Jed’s Junior Space Patrol helps Molly, a girl who can turn invisible, to rescue her parents from bandits.

Alien & Possum: Friends No Matter What by Tony Johnston
Possum and Alien become friends and find that they have both similarities and differences.

Astronaut Piggy Wiggy by Christyan Fox
A little pig imagines what it would be like to be a daring astronaut.

Chapter Books about Space (Grade 5 & up)

Cosmic by Frank Cottrell Boyce
Super-sized, eleven-year-old Liam makes a giant leap for boy-kind by competing with a group of adults for the chance to go into space.

George’s Cosmic Treasure Hunt by Lucy Hawking
George is heartbroken when his neighbor Annie and her space-scientist father move to Florida, but when Annie sends him a secret message telling him she has been contacted by aliens with a terrible warning, he joins her in a galaxy-wide search for answers. Includes scientific essays on space travel.

Chilling with the Great Ones by Dan Greenburg


One Small Step
 by Philip Kerr

In 1969 Houston, Texas, thirteen-year-old Scott learns to fly from his father, an Air Force flight instructor, but when NASA needs him for a secret space mission, Scott’s elation is tempered by concern that his mother, who has moved to Florida, will find out.

Chilling with the Great Ones by Dan Greenburg
When siblings Klatu, Lek, and Ploo from the planet Loogl return to the mysterious Area 51 to recover their wrecked spaceship, they meet the Great Ones–four legendary Looglings who crashed in Roswell fifty years earlier. Klatu, Lek, and Ploo head back to Groom Lake to fix their busted spaceship. But the spaceship is gone–it’s been taken to Area 51. There’s nothing for the aliens to do other than sneak in and search for it. Instead they find something they weren’t looking for–the Great Ones! The mythic missing Looglians Org, Murkel, Shemp, and Kurth crashed at Roswell New Mexico in 1947, and have been in the deep freeze ever since. Can our three wacky alien kids rescue them?

I Left My Sneakers in Dimension X by Bruce Coville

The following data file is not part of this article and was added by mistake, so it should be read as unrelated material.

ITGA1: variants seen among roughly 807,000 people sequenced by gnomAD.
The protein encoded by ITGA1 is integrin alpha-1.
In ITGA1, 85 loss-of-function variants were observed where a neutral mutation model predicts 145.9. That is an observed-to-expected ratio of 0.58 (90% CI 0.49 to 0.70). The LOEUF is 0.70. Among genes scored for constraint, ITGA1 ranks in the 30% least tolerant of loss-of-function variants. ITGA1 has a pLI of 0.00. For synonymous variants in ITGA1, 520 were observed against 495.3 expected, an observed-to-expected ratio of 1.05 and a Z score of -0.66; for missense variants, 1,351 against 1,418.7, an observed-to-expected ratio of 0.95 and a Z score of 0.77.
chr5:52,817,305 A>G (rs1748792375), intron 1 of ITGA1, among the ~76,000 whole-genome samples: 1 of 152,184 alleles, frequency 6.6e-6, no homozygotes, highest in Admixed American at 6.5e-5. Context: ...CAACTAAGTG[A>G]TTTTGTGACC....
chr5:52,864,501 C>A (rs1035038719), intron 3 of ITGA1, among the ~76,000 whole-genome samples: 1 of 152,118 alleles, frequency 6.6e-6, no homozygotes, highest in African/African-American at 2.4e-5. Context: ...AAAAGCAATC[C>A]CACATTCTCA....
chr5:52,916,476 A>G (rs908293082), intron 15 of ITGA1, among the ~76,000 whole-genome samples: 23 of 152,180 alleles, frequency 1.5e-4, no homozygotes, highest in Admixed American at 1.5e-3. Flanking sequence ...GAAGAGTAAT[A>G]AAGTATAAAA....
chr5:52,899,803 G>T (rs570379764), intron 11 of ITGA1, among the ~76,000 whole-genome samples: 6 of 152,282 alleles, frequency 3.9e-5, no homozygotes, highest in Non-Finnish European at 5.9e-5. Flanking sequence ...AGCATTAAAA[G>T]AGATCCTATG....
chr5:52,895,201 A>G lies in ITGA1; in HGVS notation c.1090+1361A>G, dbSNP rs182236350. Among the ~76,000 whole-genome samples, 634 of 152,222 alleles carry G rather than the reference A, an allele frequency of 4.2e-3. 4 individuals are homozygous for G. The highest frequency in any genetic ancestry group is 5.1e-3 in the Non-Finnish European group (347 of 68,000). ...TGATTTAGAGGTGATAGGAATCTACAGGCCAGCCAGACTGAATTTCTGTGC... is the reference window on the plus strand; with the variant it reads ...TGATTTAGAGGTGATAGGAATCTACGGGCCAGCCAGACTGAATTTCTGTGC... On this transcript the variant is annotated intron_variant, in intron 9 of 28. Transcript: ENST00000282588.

Rod and his bratty cousin Elspeth are snatched into another dimension by the monstrous alien Smorkus Flinders.

The True Meaning of Smekday by Adam Rex

The True Meaning of Smekday by Adam Rex
When her mother is abducted by aliens on Christmas Eve (or “Smekday” Eve since the Boov Invasion), 11 year-old Tip hops in the family car and heads south to find her and meets an alien Boov mechanic who agrees to help her and save the planet from disaster.

The War of the Worlds by Chris Sasaki
An abridged version of H. G. Wells’ classic science fiction tale in which, as life on Mars becomes impossible, Martians and their terrifying machines invade the Earth.

Brandon Priddy

Brandon Priddy

-Brandon Priddy

*Image: Outer Space Stencils by The Bunny Maker provided by the Flickr Creative Commons Image Search

New Movies in Milne’s Collection

New Movies in Milne's Collection

Milne Library has recently acquired the following DVD’s during the month of May:

  • Grease [videorecording] / Paramount Pictures presents; directed by Randal Kleiser. John Travolta, Olivia Newton-John, Stockard Channing.
  • Grey Gardens [videorecording] / HBO Films presents; directed by Michael Sucsy. Drew Barrymore, Jessica Lange, Jeanne Tripplehorn, Ken Howard.
  • Hamlet [videorecording] / Warner Bros. and Nelson Entertainment present; directed by Franco Zeffirelli. Mel Gibson, Glenn Close, Alan Bates, Paul Scofield, Ian Holm, Helena Bonham-Carter. Originally produced as a motion picture in 1990.
  • Harry Potter and the Deathly Hallows. Part 1 [videorecording] / Warner Bros. Pictures presents a Heyday Films production; directed by David Yates.  Daniel Radcliffe, Rupert Grint, Emma Watson.
  • Se7en [videorecording] / New Line Cinema presents an Arnold Kopelson production; directed by David Fincher. Brad Pitt, Morgan Freeman, Gwyneth Paltrow.

Did you know that there is an easy way for you find out what the latest materials acquired @Milne.Library are? Simply subscribe to our  Milne Library New Books List RSS feed and view it in your favorite Reader.

Not sure what a Reader is and/or how to collect RSS feeds? Check out this video, RSS in Plain English to learn more and get started!